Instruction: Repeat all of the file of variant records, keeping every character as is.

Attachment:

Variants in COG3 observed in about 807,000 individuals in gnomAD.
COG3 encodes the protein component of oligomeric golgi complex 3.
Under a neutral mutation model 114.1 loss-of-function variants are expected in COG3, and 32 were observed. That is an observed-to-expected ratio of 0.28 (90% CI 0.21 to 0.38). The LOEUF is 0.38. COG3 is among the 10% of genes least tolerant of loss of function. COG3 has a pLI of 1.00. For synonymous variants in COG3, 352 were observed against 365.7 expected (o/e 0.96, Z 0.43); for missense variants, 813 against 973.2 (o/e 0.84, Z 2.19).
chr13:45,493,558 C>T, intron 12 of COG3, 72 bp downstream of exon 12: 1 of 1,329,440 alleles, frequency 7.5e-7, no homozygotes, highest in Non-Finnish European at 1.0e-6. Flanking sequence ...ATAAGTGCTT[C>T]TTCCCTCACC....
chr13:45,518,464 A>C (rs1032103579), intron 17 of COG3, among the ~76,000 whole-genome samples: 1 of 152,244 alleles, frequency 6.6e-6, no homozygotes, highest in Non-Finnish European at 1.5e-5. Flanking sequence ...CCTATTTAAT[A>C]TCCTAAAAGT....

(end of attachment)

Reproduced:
Variants in COG3 observed in about 807,000 individuals in gnomAD.
COG3 encodes the protein component of oligomeric golgi complex 3.
Under a neutral mutation model 114.1 loss-of-function variants are expected in COG3, and 32 were observed. That is an observed-to-expected ratio of 0.28 (90% CI 0.21 to 0.38). The LOEUF is 0.38. COG3 is among the 10% of genes least tolerant of loss of function. COG3 has a pLI of 1.00. For synonymous variants in COG3, 352 were observed against 365.7 expected (o/e 0.96, Z 0.43); for missense variants, 813 against 973.2 (o/e 0.84, Z 2.19).
chr13:45,493,558 C>T, intron 12 of COG3, 72 bp downstream of exon 12: 1 of 1,329,440 alleles, frequency 7.5e-7, no homozygotes, highest in Non-Finnish European at 1.0e-6. Flanking sequence ...ATAAGTGCTT[C>T]TTCCCTCACC....
chr13:45,518,464 A>C (rs1032103579), intron 17 of COG3, among the ~76,000 whole-genome samples: 1 of 152,244 alleles, frequency 6.6e-6, no homozygotes, highest in Non-Finnish European at 1.5e-5. Flanking sequence ...CCTATTTAAT[A>C]TCCTAAAAGT....